I avoid true dichotomies because they tend to be oversimplified, and I believe there are always exceptions to any rule. For example, art and science are often used to portray entirely different ways of life. However, when they are blended to find solutions, there can be great success. We can explore this concept in terms of telling a story.
Good stories need something people can relate to, evidence of purpose (a more scientifically-minded concept), expressed in creative ways (the artistic side of things). So how do you find the right balance? This can be one of the most challenging aspects of creating content. Some things to keep in mind include:
- Know your audience. Are you sharing with experts in the field or trying to educate the general public? What motivates your audience? Basic demographics like age and where they live can also give you a better understanding of the people you want to reach.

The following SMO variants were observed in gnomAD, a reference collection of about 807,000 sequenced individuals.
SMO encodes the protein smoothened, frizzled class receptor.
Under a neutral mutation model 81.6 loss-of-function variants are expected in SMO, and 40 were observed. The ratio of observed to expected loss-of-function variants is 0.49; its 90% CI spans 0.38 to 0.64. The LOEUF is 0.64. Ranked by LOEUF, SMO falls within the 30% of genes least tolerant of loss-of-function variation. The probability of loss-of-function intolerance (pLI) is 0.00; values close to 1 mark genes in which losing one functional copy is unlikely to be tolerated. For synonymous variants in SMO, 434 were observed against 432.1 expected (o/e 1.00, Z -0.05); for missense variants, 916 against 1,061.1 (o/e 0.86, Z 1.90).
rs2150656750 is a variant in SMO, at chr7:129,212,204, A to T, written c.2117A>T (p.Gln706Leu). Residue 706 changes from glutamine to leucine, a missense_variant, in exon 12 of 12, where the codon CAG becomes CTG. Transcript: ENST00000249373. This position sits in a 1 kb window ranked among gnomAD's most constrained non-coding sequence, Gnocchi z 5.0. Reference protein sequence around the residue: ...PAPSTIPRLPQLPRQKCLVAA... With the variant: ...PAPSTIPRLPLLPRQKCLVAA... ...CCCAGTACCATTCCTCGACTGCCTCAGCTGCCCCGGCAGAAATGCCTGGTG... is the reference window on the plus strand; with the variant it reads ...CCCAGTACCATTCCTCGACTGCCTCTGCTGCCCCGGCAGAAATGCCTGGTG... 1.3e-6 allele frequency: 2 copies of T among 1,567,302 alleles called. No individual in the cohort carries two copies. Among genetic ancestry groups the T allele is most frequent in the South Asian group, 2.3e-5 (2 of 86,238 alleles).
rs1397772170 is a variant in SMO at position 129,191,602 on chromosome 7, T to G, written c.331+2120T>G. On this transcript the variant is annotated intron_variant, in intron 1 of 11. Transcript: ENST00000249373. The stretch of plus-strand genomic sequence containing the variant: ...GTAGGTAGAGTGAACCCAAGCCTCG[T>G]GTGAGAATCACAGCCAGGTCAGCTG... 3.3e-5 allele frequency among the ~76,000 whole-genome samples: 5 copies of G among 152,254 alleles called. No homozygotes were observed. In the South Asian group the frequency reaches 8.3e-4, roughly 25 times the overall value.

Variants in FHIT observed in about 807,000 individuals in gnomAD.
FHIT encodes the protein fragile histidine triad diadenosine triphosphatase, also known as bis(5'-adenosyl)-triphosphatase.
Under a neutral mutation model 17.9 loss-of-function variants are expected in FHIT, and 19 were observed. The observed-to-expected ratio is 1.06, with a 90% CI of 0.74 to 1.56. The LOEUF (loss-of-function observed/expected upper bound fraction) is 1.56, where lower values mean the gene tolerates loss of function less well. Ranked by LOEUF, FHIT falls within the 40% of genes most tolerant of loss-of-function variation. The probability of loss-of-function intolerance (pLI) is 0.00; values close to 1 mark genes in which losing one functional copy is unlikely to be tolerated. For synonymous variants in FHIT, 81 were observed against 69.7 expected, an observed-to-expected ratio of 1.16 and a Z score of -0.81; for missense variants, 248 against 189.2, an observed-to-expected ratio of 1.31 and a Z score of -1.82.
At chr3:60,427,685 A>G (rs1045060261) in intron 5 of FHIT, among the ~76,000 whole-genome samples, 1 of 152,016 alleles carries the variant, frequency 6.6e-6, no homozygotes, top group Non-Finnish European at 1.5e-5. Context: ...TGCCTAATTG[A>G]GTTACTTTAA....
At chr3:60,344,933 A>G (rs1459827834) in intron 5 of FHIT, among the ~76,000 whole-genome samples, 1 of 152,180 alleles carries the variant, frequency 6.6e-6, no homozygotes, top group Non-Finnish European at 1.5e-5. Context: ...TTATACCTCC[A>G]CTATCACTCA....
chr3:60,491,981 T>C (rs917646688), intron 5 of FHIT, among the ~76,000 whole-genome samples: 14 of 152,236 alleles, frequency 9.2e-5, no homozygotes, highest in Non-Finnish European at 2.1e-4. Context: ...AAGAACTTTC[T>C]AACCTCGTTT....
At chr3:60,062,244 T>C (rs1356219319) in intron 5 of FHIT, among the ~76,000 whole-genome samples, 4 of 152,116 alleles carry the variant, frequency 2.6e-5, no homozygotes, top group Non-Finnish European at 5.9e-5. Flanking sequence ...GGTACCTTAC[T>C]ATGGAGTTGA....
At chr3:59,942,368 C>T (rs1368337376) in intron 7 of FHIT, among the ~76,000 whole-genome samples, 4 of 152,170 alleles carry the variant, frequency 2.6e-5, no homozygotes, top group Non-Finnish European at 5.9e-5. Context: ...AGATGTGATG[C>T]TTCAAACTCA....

- Pay attention to the W's of your piece. Who is it for? What is it intended to accomplish? Where are you publishing it? When will it have the most impact? Why are you creating the content?
- Incorporate words, images, videos, or other interactive pieces. Make it easier for your audience to interact with your content.
- Include resources. Show your audience that you have evidence backing up your claims.
- Ask for feedback from a smaller group before sharing widely. This is particularly important when sharing a story with a narrator from a very different background than yourself. Make sure you're accurately representing other perspectives.
Some resources for improving content include:
- YouTube how to's
- Eats, Shoots & Leaves by Lynne Truss
- The Elements of Style by William Strunk Jr.
Be thoughtful about how you tell a conservation story. It should have a clear message and goal but shouldn't disregard opposing viewpoints offhand.
I'm happy to connect and discuss working as a writing consultant or editor.